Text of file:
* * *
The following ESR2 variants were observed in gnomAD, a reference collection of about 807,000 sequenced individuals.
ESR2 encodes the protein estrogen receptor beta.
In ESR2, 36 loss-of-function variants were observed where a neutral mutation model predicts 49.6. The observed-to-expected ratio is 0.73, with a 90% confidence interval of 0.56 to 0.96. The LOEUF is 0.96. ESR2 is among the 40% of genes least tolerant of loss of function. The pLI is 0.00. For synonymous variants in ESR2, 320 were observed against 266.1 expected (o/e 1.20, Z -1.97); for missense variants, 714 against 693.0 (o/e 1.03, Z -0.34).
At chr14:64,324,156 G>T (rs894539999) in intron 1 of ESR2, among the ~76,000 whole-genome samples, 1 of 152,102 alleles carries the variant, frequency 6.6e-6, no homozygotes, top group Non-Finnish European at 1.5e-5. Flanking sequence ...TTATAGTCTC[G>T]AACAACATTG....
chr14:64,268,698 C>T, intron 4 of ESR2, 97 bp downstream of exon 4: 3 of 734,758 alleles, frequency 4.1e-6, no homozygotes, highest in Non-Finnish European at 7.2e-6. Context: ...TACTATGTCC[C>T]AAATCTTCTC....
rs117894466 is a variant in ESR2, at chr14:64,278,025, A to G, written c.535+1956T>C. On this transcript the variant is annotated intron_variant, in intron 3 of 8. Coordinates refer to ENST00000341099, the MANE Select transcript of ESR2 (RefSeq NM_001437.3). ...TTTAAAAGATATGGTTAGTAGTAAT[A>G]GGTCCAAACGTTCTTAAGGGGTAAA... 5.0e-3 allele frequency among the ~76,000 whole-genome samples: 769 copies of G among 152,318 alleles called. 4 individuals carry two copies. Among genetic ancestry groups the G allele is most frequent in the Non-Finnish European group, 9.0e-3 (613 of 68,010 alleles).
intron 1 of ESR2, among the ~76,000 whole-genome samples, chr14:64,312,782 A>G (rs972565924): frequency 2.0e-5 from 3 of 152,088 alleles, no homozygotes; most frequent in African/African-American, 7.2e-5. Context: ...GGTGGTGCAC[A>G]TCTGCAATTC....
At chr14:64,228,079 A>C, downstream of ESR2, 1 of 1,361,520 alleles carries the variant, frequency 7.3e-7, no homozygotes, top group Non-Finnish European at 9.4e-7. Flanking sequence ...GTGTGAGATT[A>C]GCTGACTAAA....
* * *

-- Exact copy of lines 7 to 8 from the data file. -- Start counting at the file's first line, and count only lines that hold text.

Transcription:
intron 1 of ESR2, among the ~76,000 whole-genome samples, chr14:64,312,782 A>G (rs972565924): frequency 2.0e-5 from 3 of 152,088 alleles, no homozygotes; most frequent in African/African-American, 7.2e-5. Context: ...GGTGGTGCAC[A>G]TCTGCAATTC....
At chr14:64,228,079 A>C, downstream of ESR2, 1 of 1,361,520 alleles carries the variant, frequency 7.3e-7, no homozygotes, top group Non-Finnish European at 9.4e-7. Flanking sequence ...GTGTGAGATT[A>C]GCTGACTAAA....